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Body Image

29th May 2019

Last week, 13-19 May, was the Mental Health Foundation’s “Mental Health Awareness Week”. Did you take the opportunity to encourage your colleagues, employees and your organisation as a whole to get involved in helping to raise awareness of mental health and wellbeing?

Supporting employee mental health and wellbeing

Last week, 13-19 May, was the Mental Health Foundation’s “Mental Health Awareness Week”. The annual awareness-raising initiative this year focused on the theme of “body image”, with organisations and individuals being encouraged to run fundraising and awareness-raising events or simply to buy and wear special green ribbon pins during the week.

The body image theme is, of course, an important one and something that, in our social media-led age, it is valuable for employers to be tackling, especially in the context of workplace bullying or “fat shaming” or even the risk of "fat discrimination".

But mental health generally remains a pressing concern for many employers, with days off work for stress or mental illness having now overtaken musculo-skeletal injuries and costing employers an estimated £2.4bn a year.

Managers struggle to respond

It is also clear managers and employers often struggle to know how to respond. For example, a recent survey by the Institution of Occupational Safety and Health and publication Management Today concluded that six out of 10 managers did not feel they were receiving enough help from their organisation to support the mental wellbeing of their staff. The two bodies have published a “white paper” to support managers and organisations in doing this.

Mental Health Awareness Week

Employees can often feel reluctant to open up or talk about mental health concerns for fear of being perceived as “weak” or “not coping” and therefore that speaking out may have a negative effect on their career or progression.

Yet, while managing and supporting an employee with stress, anxiety or mental ill health is never easy, there is a lot proactive employers can do to help.

First, look at your environment and culture. Is your management culture or the demands and expectations being put on employees creating an environment that, whether inadvertently or not, exacerbates, or even causes, anxiety, stress or mental ill health?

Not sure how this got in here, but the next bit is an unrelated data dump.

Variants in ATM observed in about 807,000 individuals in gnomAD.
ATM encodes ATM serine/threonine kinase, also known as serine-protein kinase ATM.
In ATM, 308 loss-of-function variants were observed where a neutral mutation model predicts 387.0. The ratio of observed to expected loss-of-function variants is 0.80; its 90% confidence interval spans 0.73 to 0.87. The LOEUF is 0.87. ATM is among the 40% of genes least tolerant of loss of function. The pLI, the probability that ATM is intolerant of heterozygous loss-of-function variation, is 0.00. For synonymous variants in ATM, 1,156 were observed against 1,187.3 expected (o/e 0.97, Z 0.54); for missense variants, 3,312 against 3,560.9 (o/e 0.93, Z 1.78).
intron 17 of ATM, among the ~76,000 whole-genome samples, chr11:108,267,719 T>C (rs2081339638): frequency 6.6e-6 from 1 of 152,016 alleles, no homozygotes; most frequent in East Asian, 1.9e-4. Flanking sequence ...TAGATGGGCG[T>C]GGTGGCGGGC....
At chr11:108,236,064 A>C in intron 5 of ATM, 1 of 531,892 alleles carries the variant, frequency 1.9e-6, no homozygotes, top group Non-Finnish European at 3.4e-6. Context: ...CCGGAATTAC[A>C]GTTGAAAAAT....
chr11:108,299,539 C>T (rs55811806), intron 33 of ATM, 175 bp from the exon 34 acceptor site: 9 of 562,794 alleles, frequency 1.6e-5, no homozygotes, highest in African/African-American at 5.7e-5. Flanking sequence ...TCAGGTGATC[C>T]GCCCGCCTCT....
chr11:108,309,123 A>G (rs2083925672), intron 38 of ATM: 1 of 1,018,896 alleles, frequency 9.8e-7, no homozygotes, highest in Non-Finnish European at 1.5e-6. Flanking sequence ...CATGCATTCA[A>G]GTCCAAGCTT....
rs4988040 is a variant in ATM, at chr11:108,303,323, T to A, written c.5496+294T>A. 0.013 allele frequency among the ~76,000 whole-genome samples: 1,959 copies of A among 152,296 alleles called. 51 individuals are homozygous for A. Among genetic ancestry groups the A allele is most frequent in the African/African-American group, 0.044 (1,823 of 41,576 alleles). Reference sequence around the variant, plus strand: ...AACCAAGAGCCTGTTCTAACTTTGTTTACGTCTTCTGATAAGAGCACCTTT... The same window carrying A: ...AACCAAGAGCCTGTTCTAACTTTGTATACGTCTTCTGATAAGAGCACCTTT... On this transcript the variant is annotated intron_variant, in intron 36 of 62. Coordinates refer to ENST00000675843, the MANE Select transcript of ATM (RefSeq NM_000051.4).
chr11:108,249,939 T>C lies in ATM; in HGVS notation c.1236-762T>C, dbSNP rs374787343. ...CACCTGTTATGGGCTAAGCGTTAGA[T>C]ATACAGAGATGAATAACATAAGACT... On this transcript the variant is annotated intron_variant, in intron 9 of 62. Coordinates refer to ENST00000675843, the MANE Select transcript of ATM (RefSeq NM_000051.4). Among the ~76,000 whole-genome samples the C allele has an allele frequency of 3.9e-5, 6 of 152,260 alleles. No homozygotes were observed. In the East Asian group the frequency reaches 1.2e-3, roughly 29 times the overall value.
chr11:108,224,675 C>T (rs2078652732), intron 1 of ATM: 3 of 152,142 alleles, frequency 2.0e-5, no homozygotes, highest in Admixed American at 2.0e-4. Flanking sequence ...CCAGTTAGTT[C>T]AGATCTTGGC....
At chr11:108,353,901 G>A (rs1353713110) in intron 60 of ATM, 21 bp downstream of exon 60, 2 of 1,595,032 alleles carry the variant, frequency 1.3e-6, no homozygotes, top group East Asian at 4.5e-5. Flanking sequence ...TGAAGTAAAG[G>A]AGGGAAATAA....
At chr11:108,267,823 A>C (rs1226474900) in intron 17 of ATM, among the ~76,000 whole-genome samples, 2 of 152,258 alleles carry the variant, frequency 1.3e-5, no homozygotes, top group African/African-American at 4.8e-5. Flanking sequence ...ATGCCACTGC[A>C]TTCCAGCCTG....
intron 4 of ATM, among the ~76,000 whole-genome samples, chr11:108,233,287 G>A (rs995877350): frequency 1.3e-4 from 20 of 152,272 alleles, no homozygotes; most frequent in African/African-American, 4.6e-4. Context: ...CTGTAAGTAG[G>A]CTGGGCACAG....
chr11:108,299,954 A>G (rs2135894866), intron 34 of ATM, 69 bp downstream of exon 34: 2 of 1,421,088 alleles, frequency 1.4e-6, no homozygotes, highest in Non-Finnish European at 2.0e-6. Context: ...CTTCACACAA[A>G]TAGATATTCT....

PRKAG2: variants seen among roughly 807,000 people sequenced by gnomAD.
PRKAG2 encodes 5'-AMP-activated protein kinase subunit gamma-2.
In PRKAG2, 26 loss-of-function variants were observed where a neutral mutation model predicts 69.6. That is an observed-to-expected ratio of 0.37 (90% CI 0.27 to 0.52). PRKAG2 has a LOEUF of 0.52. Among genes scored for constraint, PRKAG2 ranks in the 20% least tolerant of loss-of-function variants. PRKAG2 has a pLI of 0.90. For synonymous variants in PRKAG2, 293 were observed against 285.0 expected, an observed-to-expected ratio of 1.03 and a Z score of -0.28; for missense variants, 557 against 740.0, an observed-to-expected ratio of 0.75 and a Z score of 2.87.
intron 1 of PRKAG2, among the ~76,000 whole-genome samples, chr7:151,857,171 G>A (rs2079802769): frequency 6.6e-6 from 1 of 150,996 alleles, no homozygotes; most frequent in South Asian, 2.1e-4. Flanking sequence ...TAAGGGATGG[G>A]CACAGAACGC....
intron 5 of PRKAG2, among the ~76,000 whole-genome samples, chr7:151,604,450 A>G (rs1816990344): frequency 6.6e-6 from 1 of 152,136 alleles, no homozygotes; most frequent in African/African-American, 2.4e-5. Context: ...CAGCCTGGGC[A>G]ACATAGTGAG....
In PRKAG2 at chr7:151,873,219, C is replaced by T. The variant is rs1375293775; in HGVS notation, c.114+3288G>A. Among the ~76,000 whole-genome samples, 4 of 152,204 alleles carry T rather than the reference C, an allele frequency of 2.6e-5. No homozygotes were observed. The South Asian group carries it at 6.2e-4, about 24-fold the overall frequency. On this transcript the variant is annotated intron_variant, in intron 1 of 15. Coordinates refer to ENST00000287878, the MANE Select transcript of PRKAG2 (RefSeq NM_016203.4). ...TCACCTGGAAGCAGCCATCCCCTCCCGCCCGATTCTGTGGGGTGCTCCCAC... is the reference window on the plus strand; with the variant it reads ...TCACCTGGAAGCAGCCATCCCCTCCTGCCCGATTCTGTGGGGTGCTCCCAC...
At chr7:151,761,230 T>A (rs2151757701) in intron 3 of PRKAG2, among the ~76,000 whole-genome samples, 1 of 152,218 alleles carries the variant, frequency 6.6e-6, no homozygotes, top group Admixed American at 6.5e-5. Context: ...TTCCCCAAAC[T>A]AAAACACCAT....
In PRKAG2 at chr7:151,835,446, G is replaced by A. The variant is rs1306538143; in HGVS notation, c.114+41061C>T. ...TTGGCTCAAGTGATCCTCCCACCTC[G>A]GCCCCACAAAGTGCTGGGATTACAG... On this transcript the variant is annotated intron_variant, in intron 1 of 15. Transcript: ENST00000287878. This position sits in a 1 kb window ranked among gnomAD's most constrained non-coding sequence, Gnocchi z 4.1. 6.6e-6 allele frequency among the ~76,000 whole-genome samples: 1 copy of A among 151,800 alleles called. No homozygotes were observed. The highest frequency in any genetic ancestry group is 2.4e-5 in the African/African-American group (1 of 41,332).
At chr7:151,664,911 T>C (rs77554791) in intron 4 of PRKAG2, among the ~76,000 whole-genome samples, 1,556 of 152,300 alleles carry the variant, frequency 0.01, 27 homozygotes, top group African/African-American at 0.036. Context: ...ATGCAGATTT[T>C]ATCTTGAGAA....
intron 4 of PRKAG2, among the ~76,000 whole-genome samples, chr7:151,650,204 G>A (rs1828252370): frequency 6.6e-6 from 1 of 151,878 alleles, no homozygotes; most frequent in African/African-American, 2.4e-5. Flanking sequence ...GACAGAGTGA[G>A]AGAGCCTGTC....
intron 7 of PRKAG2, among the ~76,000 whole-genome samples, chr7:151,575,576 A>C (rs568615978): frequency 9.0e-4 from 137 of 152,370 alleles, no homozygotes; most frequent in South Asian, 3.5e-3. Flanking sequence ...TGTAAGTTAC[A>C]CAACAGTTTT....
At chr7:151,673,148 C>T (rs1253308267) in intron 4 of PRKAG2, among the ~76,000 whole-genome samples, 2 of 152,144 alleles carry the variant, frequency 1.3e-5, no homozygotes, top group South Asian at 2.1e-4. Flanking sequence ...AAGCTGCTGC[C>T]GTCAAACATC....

Creating a more consensual (often flatter) management environment, perhaps by looking at options such as flexible working, ensuring senior managers are modelling good work-life balance practices and creating a more mental health-friendly, transparent working environment can all help. The Health and Safety Executive’s stress management standards can be a good starting point here.

Second, recognise there are practical interventions and support you can put in place. Offering managers resilience training and/or training on how to hold “difficult” conversations can help. Similarly, training on how to listen better or how to become more “emotionally intelligent” can be positive.

Within this, it is also worth recognising the links between exercise and both mental and physical health. So, just as it is a good idea in terms of physical health for your organisation to be encouraging employees to become more active, so creating this environment can have mental health benefits, too.

This, in turn, may help in terms of addressing some of the mental health issues that can be associated with obesity and, indeed, feed into the Mental Health Foundation’s body image theme for this year’s Mental Health Awareness Week.

Value and role of EAPs

Third, offering access to an Employee Assistance Programme (EAP) can be invaluable. An EAP can, of course, provide individual, confidential counselling and support as well as access to more specialised support, such as Cognitive Behavioural Therapy (CBT).

More widely, an EAP can also be a useful expert best practice resource for managers. It can offer advice on how to approach and tackle these issues in a supportive, sympathetic and positive way that is going to be beneficial both to the individual as well as to the wider organisation.

Finally, especially for more complex cases, providing access to occupational health can often make a positive difference, both in terms of hands-on support but also for providing guidance on whether a case needs to be referred on to more specialised services.

As Optima Health Chief Medical Officer Dr Lucy Wright explains: “Managing stress, anxiety and mental ill health is difficult for employers. Employers cannot be expected to wrap their employees in cotton wool – jobs and tasks need to get done, deadlines need to be met, after all. Indeed, some pressure can be good for us; it is often rising to challenges that helps us to reach our full potential – and to be proud of this fact – within the workplace.

Dr Lucy Wright

“On top of this, there is much about modern life that is inherently stressful – money worries, urban living, commuting, family and caring concerns and so forth. Yet, at the same time, employers can make the working environment less stressful and proactively support those employees who may not be coping, who are struggling with demands or pressures.

“This can be both in terms of practical interventions – such as EAPs and training – and also in terms of looking more broadly at their working culture and environment. And this can only be a good thing in the long run,” she adds.